Apologies for my quietude. I’ve fallen into one of those rare moments of clarity, one might say “my muse hath come my way,” and I have been trying to make use of each moment she deigns to stick around. But I had to weigh in on a current controversy.
In 1994, an American writer by the name of Ethan Canin published a short story collection titled after its most famous story, The Palace Thief. In this story, Mr. Hundert is a classics instructor at an elite prep school outside of Washington DC who encounters a student (Sedgewick Bell) who has no ethics. Bell mocks Mr. Hundert and the other boys in the class who are there to learn.
When Mr. Hundert catches him cheating at their annual Mr. Julius Caesar Contest, he calls the boy out. Twenty-five years later Bell gets his chance at vindication when, as a candidate for Senate, he lures Mr. Hundert and his former classmates to a campaign fundraiser at his estate and convinces them to recreate the Mr. Julius Caesar Contest. Again Bell cheats and Mr. Hundert calls him out. But not in front of Bell’s audience of wealthy campaign donors. Instead, he lectures him in private.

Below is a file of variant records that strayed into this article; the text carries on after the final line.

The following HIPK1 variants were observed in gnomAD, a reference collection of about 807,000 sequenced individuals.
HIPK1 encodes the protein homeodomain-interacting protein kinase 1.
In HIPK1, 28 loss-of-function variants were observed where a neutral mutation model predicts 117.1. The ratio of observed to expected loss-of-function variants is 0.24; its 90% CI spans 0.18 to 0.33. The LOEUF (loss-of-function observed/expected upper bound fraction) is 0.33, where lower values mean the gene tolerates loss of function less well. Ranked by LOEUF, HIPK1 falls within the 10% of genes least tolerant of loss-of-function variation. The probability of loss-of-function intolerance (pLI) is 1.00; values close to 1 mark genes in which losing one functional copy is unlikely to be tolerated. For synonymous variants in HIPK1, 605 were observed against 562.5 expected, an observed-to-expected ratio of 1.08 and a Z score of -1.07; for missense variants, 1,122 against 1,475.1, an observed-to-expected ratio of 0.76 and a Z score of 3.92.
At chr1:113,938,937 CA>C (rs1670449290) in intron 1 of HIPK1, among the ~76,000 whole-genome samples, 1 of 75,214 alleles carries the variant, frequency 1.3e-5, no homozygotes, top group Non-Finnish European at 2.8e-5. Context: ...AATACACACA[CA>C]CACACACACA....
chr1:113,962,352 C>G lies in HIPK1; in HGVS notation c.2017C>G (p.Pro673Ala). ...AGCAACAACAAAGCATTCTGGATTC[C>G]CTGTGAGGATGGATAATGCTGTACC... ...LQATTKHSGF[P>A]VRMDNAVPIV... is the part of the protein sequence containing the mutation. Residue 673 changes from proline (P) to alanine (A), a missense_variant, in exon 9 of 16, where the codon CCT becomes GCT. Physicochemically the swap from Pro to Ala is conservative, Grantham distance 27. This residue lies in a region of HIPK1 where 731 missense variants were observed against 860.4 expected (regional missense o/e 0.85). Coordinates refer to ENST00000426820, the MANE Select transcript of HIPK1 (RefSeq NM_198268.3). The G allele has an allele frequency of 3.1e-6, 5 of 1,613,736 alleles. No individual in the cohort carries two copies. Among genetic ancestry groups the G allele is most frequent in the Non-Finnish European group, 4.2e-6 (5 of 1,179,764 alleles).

The book was made into a movie titled The Emperor’s Club. It’s a very good movie, however in the book Mr. Hundret is a far more complicated character than Kevin Kline’s portrayal. His commitment to teaching and to ethics borders on prissiness and inflexibility. He’s accused of being detached from the “real” world and his dedication is unappreciated by his peers. So, when he realizes he’s devoted his entire adult life to creating honorable men and has failed miserably with a man who might one day be in a position of great power, he falls off the cliff and into an ocean of self-doubt. Is he mourning the decline of ethics in the modern world or the futility of his own life? It’s hard to tell.
I thought about the Emperor’s Club this week as the Senate moves to approve the nomination of someone like Bell to the Supreme Court. I’m not saying that Kavanaugh would be the first unethical prep school boy in a position of power, but the alarm has been sounded. Are the words of writers and the efforts of movie makers in vain in this our new reality, the real world? As Bell says, who the hell cares?